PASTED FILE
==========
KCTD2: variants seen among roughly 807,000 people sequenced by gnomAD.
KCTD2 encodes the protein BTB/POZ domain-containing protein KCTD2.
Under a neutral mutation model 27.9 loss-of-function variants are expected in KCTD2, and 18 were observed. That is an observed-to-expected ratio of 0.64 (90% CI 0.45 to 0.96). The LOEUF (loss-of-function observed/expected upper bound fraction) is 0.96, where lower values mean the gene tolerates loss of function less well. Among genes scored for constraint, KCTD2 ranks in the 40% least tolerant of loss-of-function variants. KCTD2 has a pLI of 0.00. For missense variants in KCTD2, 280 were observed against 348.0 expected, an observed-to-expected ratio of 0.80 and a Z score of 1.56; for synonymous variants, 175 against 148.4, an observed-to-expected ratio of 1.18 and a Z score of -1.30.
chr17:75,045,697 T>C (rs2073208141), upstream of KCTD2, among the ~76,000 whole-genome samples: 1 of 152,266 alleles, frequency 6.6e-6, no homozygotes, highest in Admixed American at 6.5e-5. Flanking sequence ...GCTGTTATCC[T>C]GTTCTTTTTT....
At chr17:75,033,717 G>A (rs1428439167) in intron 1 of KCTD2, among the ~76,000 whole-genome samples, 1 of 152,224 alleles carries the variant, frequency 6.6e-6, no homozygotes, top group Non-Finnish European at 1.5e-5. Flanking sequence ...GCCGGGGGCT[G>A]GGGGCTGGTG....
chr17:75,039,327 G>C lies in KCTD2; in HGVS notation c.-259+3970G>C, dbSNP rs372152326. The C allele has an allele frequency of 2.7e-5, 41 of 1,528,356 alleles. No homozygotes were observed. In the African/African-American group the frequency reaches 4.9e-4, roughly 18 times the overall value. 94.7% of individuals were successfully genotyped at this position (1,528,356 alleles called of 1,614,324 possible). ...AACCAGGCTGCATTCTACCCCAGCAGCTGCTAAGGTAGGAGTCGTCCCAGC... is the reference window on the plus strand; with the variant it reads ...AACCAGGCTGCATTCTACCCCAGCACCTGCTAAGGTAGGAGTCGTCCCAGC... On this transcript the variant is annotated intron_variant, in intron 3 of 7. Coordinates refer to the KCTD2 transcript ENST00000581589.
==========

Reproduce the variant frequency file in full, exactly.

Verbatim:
KCTD2: variants seen among roughly 807,000 people sequenced by gnomAD.
KCTD2 encodes the protein BTB/POZ domain-containing protein KCTD2.
Under a neutral mutation model 27.9 loss-of-function variants are expected in KCTD2, and 18 were observed. That is an observed-to-expected ratio of 0.64 (90% CI 0.45 to 0.96). The LOEUF (loss-of-function observed/expected upper bound fraction) is 0.96, where lower values mean the gene tolerates loss of function less well. Among genes scored for constraint, KCTD2 ranks in the 40% least tolerant of loss-of-function variants. KCTD2 has a pLI of 0.00. For missense variants in KCTD2, 280 were observed against 348.0 expected, an observed-to-expected ratio of 0.80 and a Z score of 1.56; for synonymous variants, 175 against 148.4, an observed-to-expected ratio of 1.18 and a Z score of -1.30.
chr17:75,045,697 T>C (rs2073208141), upstream of KCTD2, among the ~76,000 whole-genome samples: 1 of 152,266 alleles, frequency 6.6e-6, no homozygotes, highest in Admixed American at 6.5e-5. Flanking sequence ...GCTGTTATCC[T>C]GTTCTTTTTT....
At chr17:75,033,717 G>A (rs1428439167) in intron 1 of KCTD2, among the ~76,000 whole-genome samples, 1 of 152,224 alleles carries the variant, frequency 6.6e-6, no homozygotes, top group Non-Finnish European at 1.5e-5. Flanking sequence ...GCCGGGGGCT[G>A]GGGGCTGGTG....
chr17:75,039,327 G>C lies in KCTD2; in HGVS notation c.-259+3970G>C, dbSNP rs372152326. The C allele has an allele frequency of 2.7e-5, 41 of 1,528,356 alleles. No homozygotes were observed. In the African/African-American group the frequency reaches 4.9e-4, roughly 18 times the overall value. 94.7% of individuals were successfully genotyped at this position (1,528,356 alleles called of 1,614,324 possible). ...AACCAGGCTGCATTCTACCCCAGCAGCTGCTAAGGTAGGAGTCGTCCCAGC... is the reference window on the plus strand; with the variant it reads ...AACCAGGCTGCATTCTACCCCAGCACCTGCTAAGGTAGGAGTCGTCCCAGC... On this transcript the variant is annotated intron_variant, in intron 3 of 7. Coordinates refer to the KCTD2 transcript ENST00000581589.